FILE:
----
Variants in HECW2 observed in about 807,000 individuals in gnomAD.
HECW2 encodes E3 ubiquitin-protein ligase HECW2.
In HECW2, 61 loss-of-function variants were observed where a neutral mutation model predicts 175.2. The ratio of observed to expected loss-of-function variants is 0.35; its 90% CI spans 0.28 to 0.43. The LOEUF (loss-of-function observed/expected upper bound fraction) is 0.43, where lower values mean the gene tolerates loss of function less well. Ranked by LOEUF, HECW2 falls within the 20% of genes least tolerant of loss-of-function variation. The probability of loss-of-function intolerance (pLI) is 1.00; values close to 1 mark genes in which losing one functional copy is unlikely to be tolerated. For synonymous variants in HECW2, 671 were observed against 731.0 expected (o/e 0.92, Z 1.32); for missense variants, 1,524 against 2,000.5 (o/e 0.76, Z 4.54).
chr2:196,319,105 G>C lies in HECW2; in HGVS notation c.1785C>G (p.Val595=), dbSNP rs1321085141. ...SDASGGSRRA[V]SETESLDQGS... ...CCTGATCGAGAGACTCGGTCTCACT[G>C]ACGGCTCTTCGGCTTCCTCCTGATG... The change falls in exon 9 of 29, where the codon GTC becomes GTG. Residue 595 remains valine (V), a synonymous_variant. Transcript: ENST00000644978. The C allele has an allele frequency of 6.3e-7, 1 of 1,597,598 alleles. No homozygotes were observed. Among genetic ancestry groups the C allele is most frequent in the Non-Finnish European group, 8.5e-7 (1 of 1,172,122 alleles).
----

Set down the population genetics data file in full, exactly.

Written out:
Variants in HECW2 observed in about 807,000 individuals in gnomAD.
HECW2 encodes E3 ubiquitin-protein ligase HECW2.
In HECW2, 61 loss-of-function variants were observed where a neutral mutation model predicts 175.2. The ratio of observed to expected loss-of-function variants is 0.35; its 90% CI spans 0.28 to 0.43. The LOEUF (loss-of-function observed/expected upper bound fraction) is 0.43, where lower values mean the gene tolerates loss of function less well. Ranked by LOEUF, HECW2 falls within the 20% of genes least tolerant of loss-of-function variation. The probability of loss-of-function intolerance (pLI) is 1.00; values close to 1 mark genes in which losing one functional copy is unlikely to be tolerated. For synonymous variants in HECW2, 671 were observed against 731.0 expected (o/e 0.92, Z 1.32); for missense variants, 1,524 against 2,000.5 (o/e 0.76, Z 4.54).
chr2:196,319,105 G>C lies in HECW2; in HGVS notation c.1785C>G (p.Val595=), dbSNP rs1321085141. ...SDASGGSRRA[V]SETESLDQGS... ...CCTGATCGAGAGACTCGGTCTCACT[G>C]ACGGCTCTTCGGCTTCCTCCTGATG... The change falls in exon 9 of 29, where the codon GTC becomes GTG. Residue 595 remains valine (V), a synonymous_variant. Transcript: ENST00000644978. The C allele has an allele frequency of 6.3e-7, 1 of 1,597,598 alleles. No homozygotes were observed. Among genetic ancestry groups the C allele is most frequent in the Non-Finnish European group, 8.5e-7 (1 of 1,172,122 alleles).